Big-hearted Halton Borough Council staff and volunteers have been collecting hampers for the needy and have collected more than 150 hampers and gifts for more than 380 children.

Maureen Ball, Early Help Officer from Runcorn Children’s Centres has been coordinating the effort for people in Halton that might not be able to celebrate Christmas in the way most of us would consider as normal.

Halton Borough Council’s Executive Board Member for Children, Young People and Families, Cllr Tom McInerney, said: “Many families in Runcorn have been hit hard by universal credit, low incomes or just hitting a difficult patch in their life.

“Health Visitors, Social Workers, Early help officers, Locality workers, school and nursery staff have identified families that they feel would benefit from this initiative.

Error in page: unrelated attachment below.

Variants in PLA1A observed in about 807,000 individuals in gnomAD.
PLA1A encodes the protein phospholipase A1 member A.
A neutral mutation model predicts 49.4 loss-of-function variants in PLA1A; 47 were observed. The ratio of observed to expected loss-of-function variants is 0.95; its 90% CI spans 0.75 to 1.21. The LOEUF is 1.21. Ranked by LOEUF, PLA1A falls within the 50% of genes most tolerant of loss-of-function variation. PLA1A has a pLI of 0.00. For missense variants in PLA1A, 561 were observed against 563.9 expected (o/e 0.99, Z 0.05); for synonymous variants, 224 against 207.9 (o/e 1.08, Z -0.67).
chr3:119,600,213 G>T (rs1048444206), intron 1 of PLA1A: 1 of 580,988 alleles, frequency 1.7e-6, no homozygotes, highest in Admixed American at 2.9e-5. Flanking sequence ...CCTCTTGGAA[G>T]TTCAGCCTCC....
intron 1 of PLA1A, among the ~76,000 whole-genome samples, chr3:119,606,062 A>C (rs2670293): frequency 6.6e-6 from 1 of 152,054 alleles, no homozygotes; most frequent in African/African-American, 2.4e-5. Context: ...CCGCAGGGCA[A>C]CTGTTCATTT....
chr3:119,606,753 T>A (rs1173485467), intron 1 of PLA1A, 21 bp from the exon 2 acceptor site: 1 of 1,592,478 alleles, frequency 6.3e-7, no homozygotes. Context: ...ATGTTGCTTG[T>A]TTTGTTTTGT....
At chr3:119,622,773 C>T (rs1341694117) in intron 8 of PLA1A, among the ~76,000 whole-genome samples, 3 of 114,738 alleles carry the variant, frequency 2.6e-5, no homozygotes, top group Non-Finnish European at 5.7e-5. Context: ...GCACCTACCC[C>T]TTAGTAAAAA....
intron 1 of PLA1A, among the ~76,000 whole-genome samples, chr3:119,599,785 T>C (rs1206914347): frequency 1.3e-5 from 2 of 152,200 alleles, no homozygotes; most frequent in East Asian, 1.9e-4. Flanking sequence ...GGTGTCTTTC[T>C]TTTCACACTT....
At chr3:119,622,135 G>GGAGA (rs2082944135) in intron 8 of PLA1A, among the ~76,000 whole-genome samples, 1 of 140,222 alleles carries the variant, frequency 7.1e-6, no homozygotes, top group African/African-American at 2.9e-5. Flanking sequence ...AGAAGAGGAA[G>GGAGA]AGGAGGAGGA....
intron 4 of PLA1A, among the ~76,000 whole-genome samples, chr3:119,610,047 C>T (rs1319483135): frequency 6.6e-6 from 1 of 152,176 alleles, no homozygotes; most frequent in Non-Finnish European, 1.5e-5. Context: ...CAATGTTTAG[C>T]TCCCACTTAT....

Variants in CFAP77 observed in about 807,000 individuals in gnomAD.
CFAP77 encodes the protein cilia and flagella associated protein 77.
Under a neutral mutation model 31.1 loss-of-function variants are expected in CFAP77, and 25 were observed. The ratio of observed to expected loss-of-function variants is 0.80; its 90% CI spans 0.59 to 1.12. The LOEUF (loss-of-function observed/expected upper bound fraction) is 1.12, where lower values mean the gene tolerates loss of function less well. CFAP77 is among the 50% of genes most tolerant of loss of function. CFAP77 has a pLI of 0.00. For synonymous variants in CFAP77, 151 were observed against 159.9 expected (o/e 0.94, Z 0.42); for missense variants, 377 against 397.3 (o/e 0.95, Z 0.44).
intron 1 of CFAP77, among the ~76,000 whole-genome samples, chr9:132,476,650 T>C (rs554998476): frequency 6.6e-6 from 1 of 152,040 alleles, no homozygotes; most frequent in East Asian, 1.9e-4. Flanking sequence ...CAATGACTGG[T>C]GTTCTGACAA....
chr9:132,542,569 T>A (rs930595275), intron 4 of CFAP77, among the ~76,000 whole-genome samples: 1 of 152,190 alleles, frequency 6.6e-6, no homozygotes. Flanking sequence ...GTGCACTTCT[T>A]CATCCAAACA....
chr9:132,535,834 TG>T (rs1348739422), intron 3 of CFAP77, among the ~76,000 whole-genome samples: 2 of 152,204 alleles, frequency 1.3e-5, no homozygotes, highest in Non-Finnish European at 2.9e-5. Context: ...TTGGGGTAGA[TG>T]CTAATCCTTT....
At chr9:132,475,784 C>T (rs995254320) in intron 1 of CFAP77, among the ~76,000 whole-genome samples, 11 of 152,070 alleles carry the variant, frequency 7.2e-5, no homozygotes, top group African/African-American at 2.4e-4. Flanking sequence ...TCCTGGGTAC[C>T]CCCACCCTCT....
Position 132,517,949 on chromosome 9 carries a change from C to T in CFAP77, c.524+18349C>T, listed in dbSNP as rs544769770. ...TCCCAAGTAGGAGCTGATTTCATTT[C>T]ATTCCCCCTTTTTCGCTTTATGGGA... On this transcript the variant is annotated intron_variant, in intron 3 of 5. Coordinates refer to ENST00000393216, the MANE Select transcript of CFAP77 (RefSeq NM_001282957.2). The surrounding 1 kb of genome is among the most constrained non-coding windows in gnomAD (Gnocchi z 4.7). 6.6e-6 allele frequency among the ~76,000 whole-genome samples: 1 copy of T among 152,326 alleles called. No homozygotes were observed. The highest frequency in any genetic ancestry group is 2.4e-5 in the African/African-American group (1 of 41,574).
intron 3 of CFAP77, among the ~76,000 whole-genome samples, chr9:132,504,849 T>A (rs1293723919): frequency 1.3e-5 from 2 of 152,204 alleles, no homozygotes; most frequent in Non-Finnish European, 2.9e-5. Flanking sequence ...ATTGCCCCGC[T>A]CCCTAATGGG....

“Thanks to the kind generosity of other families, individuals and organisations such as Asda, Onward Homes, Runcorn Police Station, Runcorn Rotary, St Vincent Da Paull Church, Oak Meadow, Sandymoor School, Half Way House, Runcorn Food Bank, Donate a Dinner, Windmill Hill Big Local, All Saints Church in Warrington and Halton Well North we have been able to create food hampers for 155 families and supply gifts for over 380 children. “


A special thanks must go to Asda and it fantastic support it has given to the project.

Customers have been donating new gifts and making financial contributions.   OBA School and the Mini Police came to help set up the hampers along with the children’s centre team.

Claire Hunter, Principal Manager for Runcorn Children’s centre said: “This starts in early September and is driven forward by the determination of Maureen Ball, who leaves no stone unturned to ensue she can secure maximum support and contributions from the community.

“She is a real credit to the team and will be sorely missed when she retires in March 2019. The overwhelming support from the community and organisations that work in Runcorn has been truly moving.

  • A similar scheme took place in Widnes, more details to follow